Home Language Training Why auditing your language training costs pays off

Why auditing your language training costs pays off

by Rosetta Stone

How many language training vendors does your company use? 

Even uncovering that simple fact can take a bit of legwork if your employees are located around the globe. Once you’ve found your answer, a smart followup is to audit all of your language training costs.

Here’s why. It’s still not unusual for language training services across a company to be spread out among local and regional vendors. That opens the door to wide swings in procurement costs, vendor management fees, and training inconsistencies. Converting language spend from many providers to one global platform has proven to be a clear cost-saver.

Performing a language cost audit may ultimately lead to a significant reduction in your overall learning and development (L&D) vendor costs. But taking the deep dive into your procurement process can be overwhelming. Here are three suggestions to help you and your company through the process.

Begin with your own procurement team or region

A complete review of your organization’s language training procurement may take some time, but the results will be worth it. You’ll want to find out if procurement currently purchases language training services or software, or has in the past? Later we’ll take a look at other avenues taken within companies to contract for language services that are outside of normal procurement channels.

Does your company have a global policy when it comes to language training? If so, does it include purchasing requirements?

Even taxonomy plays a role here. Not all companies follow a standardized way of identifying language training programs. If that’s the case within your business, following up with a word search can help identify suppliers that provide those services but aren’t listed with standard labeling.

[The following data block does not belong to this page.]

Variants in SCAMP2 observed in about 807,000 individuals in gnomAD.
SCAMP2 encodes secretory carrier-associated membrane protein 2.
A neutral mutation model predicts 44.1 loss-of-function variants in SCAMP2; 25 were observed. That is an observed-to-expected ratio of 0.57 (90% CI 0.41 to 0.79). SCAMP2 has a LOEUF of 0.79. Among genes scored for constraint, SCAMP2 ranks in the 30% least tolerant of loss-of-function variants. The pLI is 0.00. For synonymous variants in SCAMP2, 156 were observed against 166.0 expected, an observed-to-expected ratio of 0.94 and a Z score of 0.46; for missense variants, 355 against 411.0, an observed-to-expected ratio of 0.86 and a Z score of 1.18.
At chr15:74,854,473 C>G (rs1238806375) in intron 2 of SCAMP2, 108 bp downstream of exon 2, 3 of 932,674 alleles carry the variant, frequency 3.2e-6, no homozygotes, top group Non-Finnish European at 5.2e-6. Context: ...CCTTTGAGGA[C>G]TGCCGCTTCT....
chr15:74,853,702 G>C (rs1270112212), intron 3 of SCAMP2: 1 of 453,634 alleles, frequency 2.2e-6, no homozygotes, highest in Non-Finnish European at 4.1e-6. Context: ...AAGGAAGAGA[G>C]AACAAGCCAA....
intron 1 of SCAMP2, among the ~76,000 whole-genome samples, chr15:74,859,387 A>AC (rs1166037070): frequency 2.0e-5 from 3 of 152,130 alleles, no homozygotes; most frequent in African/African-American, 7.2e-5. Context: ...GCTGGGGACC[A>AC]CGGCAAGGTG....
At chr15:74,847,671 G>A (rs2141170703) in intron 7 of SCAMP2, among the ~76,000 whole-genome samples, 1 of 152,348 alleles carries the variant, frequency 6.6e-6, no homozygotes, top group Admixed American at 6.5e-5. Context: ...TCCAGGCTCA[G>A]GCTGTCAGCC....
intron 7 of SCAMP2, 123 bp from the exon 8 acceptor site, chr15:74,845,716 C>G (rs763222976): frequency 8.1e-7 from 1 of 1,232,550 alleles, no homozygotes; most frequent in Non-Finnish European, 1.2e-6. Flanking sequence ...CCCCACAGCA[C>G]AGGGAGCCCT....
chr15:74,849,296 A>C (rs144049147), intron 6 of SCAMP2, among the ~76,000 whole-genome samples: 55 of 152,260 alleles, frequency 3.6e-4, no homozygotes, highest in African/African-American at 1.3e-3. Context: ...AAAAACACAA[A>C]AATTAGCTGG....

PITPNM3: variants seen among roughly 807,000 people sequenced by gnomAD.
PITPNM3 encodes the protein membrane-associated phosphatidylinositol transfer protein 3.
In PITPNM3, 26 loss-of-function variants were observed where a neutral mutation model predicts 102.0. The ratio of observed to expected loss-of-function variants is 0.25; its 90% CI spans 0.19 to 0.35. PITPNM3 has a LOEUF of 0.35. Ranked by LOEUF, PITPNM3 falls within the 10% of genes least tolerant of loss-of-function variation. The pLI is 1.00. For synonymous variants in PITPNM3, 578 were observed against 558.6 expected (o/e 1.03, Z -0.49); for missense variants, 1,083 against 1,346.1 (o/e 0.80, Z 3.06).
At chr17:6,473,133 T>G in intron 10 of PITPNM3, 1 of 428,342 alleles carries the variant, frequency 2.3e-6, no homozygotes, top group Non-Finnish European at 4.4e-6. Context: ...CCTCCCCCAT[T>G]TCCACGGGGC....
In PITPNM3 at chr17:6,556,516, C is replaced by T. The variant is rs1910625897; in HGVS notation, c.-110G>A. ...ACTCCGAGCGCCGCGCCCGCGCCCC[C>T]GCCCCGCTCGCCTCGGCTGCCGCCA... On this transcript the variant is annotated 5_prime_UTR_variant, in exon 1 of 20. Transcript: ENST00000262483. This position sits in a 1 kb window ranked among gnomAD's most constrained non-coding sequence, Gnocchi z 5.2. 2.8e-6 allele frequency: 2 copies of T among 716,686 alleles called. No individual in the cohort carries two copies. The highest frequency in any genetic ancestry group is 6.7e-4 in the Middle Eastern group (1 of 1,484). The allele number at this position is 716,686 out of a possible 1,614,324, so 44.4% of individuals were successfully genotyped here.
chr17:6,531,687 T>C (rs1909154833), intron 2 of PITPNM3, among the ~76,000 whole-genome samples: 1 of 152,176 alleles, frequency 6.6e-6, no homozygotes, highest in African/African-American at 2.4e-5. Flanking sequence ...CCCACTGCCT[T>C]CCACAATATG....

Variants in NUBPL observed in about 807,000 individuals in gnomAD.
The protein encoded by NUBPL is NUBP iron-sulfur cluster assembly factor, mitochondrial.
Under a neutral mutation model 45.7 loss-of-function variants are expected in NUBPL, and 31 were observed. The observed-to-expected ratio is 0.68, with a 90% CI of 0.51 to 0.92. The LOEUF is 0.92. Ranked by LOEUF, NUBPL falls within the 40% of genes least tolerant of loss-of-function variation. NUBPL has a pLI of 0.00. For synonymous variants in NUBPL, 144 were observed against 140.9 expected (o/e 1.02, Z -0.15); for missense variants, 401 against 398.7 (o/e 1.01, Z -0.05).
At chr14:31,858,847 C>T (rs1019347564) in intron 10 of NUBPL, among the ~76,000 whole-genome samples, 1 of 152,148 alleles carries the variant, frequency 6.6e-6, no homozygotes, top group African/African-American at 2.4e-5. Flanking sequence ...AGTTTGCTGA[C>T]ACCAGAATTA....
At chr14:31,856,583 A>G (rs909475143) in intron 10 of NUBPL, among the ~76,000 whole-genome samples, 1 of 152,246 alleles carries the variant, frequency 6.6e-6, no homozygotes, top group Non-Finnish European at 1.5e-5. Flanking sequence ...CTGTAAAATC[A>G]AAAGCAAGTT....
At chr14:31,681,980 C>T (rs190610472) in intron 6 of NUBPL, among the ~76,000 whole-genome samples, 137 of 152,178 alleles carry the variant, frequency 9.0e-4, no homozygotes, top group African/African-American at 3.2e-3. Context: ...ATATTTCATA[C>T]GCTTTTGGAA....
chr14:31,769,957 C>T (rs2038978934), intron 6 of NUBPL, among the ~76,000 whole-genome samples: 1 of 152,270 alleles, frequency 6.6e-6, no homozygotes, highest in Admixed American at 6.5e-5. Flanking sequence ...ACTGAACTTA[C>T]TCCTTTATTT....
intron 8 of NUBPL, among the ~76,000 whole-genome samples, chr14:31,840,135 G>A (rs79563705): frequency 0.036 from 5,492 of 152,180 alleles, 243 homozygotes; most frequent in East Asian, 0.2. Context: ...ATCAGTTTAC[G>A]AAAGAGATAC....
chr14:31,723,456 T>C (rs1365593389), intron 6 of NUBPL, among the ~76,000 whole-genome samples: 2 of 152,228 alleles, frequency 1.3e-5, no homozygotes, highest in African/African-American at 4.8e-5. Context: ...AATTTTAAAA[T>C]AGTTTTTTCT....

One of the most promising approaches is to ask all of your category managers, since language training can be billed in a variety of ways. Differentiating factors can include who requested training and how those services are delivered.

Review departmental language training expenses

Many of the same questions raised in the first step above carry over to the departmental level. Additional queries about current and past activities can reveal interesting purchasing patterns. 

Here’s a common example: going back only one year won’t necessarily give you a full picture. Understanding year-to-year variances in language training spend will provide you with a more complete picture.

Differences in payment methods is another area that often masks true spending. Are language training services billed through procurement or as an indirect cost? Are they purchased from the same vendor or different vendors?

Departmental leaders outside of L&D or HR are often frequent purchasers of language training. They may require specific training for certain employees that’s not reflected in audits that don’t take all payment methods into account.

Looking at the broad options available for purchasing employee language training will usually reveal unknown but legitimate hidden training costs. A good example is when services are purchased with departmental credit cards.

Another often overlooked expensive category where language training can be found is in your tuition reimbursement program. A good idea is to also include benefits managers in your audit to learn the types of language training classes and programs that are being taken by employees.

Zero in on region-specific expenses

If purchasing language training services within your company is decentralized, it’s good to start at the top. Work closely with regional leaders to identify individual category managers responsible for tracking L&D, HR, or software/services spend in each region.

On the other hand, if your company does have a global language policy, an important step is to ask each regional team if they are currently using the policy. Having standardized language training purchasing requirements and defined naming conventions are only valuable if they are followed. Finding the answer for every region is another key piece of the procurement puzzle.

A natural extension of asking departmental leaders for purchasing information is to also ask L&D and HR staff to identify language training purchases. These may or may not be billed as indirect expenses and can frequently be missed in an initial audit, yet another good reason for doing a fuller language training audit.

What happens next?

Like many global organizations that have completed this process, you may reach a common conclusion—your company is spending a lot of money on language training. Now that you know, what can you do to make training more cost-effective while providing the the highest level of language training?

Rosetta Stone Enterprise helps some of the world’s leading brands realize big cost savings by helping them streamline procurement. The result: consolidating language spend and delivering a single, award-winning enterprise language training solution.


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